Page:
Wednesday, 08 August, 2012 | 10:29 WIB
Looking Back: the History of the Indonesian Coal Industry
TEMPO Interactive, Jakarta:The history of coal mining in Indonesia can be traced way back to the days of the Dutch colonial government in 1849, when NV Oost Borneo Maatschappij began mining in Pengaron, East Kalimantan. This was followed by exploiting activity in Ombilin, Sawah Lunto, and Bukit Asam in South Sumatra.
The popularity of coal took a downturn on account of increasingly sophisticated technology developed for pumping oil and gas. In the mid-1970s, during the oil crisis, many parties began taking another look at this source of energy, which was cheaper than oil. Also, at that time, the Indonesian government began encouraging mapping and searching for new reserves in various locations.
However, the desire to excavate this material was not immediately ignited. Its price was still too low to interest investors. Even though it was technologically difficult to do, mining costs were not cheap. As the locations were in remote wilds, shipping was costly. On account of these conditions, in 1992, total national coal production stood at 22.95 million tons.
A drastic change in the coal business came in the following decade, when the economy began to revive after being hit by a crisis in 1998. The number of electricity consumers increased, and new generators were built. This meant an increased demand for fuel, including coal. In 2005, domestic coal production had risen dramatically to 151.6 million tons. The total amount of resources which could be identified also increased to an astounding 61.36 billion tons.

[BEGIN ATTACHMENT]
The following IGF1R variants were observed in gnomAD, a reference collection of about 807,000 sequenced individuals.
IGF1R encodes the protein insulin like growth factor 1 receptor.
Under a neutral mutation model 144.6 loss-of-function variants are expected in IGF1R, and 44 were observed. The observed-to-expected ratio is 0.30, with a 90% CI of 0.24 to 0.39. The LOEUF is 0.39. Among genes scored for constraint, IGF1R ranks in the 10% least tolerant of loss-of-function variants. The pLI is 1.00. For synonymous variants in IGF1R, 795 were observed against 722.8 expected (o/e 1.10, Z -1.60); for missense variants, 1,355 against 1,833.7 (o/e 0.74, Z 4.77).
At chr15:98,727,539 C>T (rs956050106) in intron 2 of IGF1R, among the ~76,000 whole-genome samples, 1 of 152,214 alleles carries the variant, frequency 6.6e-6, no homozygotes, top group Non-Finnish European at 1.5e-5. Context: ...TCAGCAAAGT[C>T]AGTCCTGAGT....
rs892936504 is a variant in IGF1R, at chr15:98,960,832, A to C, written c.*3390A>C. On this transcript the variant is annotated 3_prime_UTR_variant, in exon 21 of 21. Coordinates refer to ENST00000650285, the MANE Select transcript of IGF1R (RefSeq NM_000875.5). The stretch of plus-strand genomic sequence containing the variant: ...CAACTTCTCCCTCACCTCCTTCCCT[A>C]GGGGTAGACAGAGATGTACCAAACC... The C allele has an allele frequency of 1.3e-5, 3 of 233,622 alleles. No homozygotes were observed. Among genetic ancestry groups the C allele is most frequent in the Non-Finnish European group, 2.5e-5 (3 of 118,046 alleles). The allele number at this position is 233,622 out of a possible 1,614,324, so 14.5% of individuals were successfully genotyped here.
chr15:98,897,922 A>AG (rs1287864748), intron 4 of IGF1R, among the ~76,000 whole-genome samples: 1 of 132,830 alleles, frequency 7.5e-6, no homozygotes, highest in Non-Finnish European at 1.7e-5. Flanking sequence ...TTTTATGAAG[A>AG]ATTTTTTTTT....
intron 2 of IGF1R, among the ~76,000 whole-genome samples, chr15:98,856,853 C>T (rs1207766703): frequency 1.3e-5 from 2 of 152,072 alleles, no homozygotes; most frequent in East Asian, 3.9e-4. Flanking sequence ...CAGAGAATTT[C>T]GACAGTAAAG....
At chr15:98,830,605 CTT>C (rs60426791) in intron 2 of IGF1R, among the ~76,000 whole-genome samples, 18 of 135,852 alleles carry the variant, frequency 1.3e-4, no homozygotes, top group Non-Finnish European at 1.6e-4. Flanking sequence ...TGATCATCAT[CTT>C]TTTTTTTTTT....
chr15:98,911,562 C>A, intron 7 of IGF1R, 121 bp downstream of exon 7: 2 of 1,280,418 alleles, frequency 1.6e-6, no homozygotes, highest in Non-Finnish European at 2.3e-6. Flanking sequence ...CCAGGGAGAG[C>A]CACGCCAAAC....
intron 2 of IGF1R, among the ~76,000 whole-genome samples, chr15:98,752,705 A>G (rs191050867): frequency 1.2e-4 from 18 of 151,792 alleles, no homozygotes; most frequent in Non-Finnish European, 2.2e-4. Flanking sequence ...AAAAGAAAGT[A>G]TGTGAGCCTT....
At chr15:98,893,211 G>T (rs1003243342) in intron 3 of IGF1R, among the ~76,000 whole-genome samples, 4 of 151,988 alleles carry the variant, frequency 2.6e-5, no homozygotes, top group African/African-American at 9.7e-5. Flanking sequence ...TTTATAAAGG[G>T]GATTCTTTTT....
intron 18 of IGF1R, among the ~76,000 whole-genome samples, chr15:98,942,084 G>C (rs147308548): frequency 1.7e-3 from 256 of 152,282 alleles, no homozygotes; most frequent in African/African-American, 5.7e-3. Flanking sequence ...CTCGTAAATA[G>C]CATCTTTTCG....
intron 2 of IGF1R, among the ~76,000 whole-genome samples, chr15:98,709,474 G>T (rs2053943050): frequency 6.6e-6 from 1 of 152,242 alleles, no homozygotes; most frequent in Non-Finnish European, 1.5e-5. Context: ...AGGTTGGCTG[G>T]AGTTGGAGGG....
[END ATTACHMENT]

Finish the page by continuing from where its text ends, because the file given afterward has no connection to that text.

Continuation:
Enthusiasm to mine coal was also encouraged by the increase in world oil prices, which quickly made this commodity attractive. In the stock exchange, shares of companies such as Bumi Resources, Adaro, Bayan Resources, or Bukit Asam were increasingly being sought. Coal became the fuel which drove up trading on the index and lined the pockets of its stockholders.
The race to obtain coal mining concessions became increasing fierce. Mining business licenses continued to be issued by the regents who had gained authority thanks to the new legislation on regional autonomy, unconcerned if those locations were protected forest land or land which was already controlled by other parties. Many disputes emerged as a result of this prolific licensing policy.
According to data from the Ministry of Energy and Mineral Resources, of the more than 10,000 licenses issued—before it was halted by the Law on Minerals and Coal in 2009—about half had overlapping ownership. Another result was forest and environmental damage caused by mining which encroached on forbidden areas.
Disputes and dishonest dealings among mining interests were hotly contested in the courts. Face-offs with supporting muscle, which involved the legal authorities or the military, were commonplace. More than few conflicts ended up in brutal clashes in the field. *****